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Commentary

Prescription for Confusion
The New York Times, 12-28-04

It is, the Times notes “no surprise that many people who rely on painkillers to ease their way through the day feel lost at the moment. Not only have Vioxx, Celebrex, and Bextra, the only three drugs in a class thought to be exceptionally safe, been found to cause heart attacks and strokes in some patients, but an over-the-counter painkiller, Aleve, has too. It makes one wonder whether anything out there is really safe.”

The main lesson the Times takes from the confusion is that: “all medicines carry risks as well as benefits”, and that “risks may not show up in clinical trials that are used to decide whether a drug is effective enough and safe enough to be marketed in this country. But if the drug is used by vast numbers of people for extended periods of time, adverse effects may emerge.”

However, after making these very valid points the editorial jumps to the conclusion that doctors and the FDA are “in thrall to drug companies” and have compromised their public obligations as a result. Says the Times: “Now that exquisitely calibrated judgments must be made as to which patients can truly benefit from what drugs, doctors will have to reassert their independence.”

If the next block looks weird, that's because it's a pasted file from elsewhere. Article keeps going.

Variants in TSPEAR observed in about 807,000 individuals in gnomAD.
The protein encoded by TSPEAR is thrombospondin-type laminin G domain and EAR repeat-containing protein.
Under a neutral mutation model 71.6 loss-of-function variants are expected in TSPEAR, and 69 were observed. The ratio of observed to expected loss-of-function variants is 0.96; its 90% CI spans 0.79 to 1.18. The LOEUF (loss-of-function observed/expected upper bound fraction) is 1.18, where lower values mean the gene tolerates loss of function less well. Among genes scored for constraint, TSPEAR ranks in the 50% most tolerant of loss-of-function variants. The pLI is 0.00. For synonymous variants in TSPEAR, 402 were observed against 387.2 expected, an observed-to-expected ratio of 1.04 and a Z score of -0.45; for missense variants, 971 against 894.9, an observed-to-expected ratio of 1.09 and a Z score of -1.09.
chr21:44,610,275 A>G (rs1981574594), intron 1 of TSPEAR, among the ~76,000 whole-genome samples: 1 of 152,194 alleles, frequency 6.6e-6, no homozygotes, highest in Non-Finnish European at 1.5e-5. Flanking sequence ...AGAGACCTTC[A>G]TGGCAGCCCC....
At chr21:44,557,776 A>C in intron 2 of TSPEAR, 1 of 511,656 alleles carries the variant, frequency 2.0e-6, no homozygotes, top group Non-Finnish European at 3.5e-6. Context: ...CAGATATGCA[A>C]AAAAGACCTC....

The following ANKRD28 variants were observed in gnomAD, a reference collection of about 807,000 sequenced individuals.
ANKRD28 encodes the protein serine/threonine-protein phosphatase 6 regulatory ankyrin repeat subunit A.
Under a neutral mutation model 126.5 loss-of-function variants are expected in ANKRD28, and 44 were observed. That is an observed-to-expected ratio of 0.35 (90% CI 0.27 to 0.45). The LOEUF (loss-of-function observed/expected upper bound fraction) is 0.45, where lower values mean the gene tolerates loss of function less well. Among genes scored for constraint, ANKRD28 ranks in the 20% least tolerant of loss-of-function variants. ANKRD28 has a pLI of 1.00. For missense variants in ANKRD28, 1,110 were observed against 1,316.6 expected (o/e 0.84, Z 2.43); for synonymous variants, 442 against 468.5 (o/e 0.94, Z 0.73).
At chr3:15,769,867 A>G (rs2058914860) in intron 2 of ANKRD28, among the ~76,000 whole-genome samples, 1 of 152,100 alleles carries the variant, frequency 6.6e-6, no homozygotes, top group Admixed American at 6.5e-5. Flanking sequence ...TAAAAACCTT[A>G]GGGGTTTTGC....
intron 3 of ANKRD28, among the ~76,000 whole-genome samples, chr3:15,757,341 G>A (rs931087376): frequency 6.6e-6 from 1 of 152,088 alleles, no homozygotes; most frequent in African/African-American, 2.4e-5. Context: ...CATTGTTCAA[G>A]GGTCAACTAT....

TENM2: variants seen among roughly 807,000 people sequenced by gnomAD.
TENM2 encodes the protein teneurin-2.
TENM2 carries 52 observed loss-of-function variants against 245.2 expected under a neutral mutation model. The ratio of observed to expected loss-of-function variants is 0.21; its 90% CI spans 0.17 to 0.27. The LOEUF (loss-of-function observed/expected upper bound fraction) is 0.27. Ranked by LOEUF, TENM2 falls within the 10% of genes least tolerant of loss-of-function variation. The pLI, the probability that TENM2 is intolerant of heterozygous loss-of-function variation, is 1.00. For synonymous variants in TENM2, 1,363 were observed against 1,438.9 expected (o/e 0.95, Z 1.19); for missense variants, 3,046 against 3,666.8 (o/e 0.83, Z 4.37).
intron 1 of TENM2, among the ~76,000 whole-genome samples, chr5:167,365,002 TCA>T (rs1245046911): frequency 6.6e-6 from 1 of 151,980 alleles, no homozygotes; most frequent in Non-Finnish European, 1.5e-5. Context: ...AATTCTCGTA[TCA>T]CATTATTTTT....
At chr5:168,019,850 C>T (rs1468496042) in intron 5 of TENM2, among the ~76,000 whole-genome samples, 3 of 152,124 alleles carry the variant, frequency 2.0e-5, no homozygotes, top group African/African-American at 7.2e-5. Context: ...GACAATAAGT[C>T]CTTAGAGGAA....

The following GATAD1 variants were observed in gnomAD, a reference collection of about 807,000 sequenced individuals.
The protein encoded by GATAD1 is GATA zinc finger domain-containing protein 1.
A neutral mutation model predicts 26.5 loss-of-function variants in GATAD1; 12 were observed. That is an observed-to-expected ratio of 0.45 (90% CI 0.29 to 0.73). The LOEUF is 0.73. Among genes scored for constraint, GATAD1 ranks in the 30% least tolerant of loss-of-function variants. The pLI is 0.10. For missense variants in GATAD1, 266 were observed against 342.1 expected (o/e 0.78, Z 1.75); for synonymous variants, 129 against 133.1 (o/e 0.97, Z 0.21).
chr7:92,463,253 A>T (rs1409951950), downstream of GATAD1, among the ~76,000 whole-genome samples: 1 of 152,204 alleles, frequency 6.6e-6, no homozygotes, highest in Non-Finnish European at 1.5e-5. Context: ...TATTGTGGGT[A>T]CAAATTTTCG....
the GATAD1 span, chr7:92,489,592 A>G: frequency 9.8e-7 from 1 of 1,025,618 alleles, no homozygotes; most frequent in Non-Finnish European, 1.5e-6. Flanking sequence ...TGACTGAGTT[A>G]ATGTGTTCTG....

We should point out that as science advances more “exquisitely calibrated judgments” will be available that allow us all to second guess companies and regulators who are only doing the best they can with the facts – and regulations - at hand. After all, we know very little about the risks of generic drugs that have been on the market for decades, and not even aspirin might pass FDA muster if it was presented to the agency now, despite its many benefits.

Getting to the outcome everyone wants (the right balance between safety and benefit, or risk and innovation) depends primarily making sure that outdated technologies – for instance, the clinical trials that the Times deprecates – are supplemented by state of the art screening technologies and datamining that improve patient safety.

Making sure that FDA regulations are driven by the latest science and technologies will help the agency make the right decisions on the first go round – and leave us all with less opportunity to second guess the agency and its stakeholders.



Project FDA.
  
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